Handbook of the Seneca Language
The Seneca language is a member of the Iroquoian language family. Seneca is a seriously endangered language spoken in upper New York State and Southern Ontario. This book consists of 3 parts. Section I, on orthography, describes a way of writing Seneca words consistently and without omitting features that are significant. Various spelling systems have been used, and are being used, for the writing of Seneca by missionaries, anthropologists, and the speakers of the language themselves. Section II, on grammar, is concerned with the structure of Seneca words. Section III is a brief glossary of the Seneca language.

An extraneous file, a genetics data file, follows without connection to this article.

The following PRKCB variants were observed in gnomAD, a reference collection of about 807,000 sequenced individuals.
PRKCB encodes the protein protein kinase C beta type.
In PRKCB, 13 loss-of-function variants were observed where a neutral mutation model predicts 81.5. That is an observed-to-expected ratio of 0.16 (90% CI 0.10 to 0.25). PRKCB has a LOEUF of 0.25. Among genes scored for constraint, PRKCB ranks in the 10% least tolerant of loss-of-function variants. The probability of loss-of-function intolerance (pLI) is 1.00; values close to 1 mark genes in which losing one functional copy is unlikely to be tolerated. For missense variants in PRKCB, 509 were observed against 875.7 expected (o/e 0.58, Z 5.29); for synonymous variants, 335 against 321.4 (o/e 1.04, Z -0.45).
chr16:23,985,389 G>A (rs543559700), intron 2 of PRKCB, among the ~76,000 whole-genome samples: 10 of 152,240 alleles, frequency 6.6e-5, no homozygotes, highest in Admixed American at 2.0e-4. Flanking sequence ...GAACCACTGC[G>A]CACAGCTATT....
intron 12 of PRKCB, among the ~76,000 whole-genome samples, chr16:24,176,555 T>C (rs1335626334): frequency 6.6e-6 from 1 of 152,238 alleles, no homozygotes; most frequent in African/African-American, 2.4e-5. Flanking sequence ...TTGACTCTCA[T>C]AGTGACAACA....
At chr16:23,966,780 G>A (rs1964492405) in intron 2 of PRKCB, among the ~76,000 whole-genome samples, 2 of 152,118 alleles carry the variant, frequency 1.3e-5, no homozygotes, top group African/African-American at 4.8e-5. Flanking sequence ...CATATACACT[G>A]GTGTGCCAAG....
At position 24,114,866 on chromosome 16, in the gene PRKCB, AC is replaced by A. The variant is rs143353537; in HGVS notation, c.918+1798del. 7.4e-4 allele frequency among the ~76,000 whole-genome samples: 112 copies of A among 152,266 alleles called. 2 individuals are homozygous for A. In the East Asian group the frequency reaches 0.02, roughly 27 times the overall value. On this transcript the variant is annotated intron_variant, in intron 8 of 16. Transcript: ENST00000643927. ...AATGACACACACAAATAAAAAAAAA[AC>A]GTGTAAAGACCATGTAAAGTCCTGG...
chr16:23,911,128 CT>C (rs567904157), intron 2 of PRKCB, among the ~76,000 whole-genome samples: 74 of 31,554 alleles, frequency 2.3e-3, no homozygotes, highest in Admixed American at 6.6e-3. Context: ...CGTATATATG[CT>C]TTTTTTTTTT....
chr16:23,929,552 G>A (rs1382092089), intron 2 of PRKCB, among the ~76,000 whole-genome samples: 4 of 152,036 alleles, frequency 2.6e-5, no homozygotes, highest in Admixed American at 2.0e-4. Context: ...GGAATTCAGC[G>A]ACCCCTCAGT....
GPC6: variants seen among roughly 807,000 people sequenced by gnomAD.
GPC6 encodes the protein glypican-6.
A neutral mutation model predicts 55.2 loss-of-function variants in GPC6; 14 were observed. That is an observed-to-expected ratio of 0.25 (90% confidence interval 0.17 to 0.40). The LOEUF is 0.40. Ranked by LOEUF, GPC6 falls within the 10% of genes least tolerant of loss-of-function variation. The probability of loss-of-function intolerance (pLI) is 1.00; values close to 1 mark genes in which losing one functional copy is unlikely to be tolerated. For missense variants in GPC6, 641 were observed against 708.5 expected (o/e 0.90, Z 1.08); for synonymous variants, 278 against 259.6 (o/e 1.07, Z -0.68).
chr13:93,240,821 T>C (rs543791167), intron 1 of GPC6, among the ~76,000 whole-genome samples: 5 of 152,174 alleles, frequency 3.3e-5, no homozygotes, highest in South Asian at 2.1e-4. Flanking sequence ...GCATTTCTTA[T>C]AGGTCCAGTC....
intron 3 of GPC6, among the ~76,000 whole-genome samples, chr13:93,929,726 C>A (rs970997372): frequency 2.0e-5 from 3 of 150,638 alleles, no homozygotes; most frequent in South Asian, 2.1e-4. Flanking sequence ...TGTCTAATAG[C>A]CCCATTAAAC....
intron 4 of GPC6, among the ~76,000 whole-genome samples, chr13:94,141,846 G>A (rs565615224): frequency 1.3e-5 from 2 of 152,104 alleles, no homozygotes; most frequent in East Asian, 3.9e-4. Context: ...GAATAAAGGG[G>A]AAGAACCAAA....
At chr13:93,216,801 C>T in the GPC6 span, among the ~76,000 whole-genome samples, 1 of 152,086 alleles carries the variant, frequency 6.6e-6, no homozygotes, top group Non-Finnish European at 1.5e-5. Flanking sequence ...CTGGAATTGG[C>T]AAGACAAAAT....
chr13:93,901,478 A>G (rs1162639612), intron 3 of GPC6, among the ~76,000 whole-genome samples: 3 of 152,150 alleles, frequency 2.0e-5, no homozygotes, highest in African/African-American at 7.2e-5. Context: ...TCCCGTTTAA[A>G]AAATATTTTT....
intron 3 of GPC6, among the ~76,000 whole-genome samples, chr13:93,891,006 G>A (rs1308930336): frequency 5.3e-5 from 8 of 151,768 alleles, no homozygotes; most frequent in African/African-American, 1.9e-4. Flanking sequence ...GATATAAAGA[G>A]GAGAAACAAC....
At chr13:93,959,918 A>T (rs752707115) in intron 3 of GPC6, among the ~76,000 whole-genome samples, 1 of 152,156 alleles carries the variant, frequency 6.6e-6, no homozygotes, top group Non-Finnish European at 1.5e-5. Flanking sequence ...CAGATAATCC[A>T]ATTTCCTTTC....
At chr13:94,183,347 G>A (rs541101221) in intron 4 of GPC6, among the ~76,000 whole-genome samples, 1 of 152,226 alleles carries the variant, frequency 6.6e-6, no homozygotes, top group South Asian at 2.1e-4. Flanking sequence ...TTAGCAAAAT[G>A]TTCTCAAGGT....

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B Other social classiﬁcations
Supernatural beings and objects
39 moon 50 corn Allegany Allegany Reservation allomorphs arrow aunt basket bean berries bread Cattaraugus Reservation clan Classiﬁcations consanguineally consanguineally related corn smut corn soup Cornplanter cousins Deganawida dual or plural Eagle Dance English Esox exclusive dual exclusive plural Faith Keepers False-Face father Feather Dance ﬁnger ﬁre ﬁrst ﬁsh ﬁxes Four Rituals Handsome Lake hkwa hominy husk identical Indian Iroquois kezi Kinsmen ladle literally big literally they put longhouse maple masculine dual meaning moieties Morgan morpheme mush nasalized vowel noun stems o’clock objective preﬁxes occurs with transitive older phemes phoneme Poeno pound corn preceding preﬁx occurs pronominal preﬁx rattle refer relationship Seneca language Seneca words shesni sheswa singular ska:t skazt snowsnake Song sounds roughly speciﬁc spelling squash stick Stomp Dance tekhni Tonawanda Tonawanda Reservation transitive preﬁxes translated turtle uncle verb base verb stem vowel wampum woman younger sibling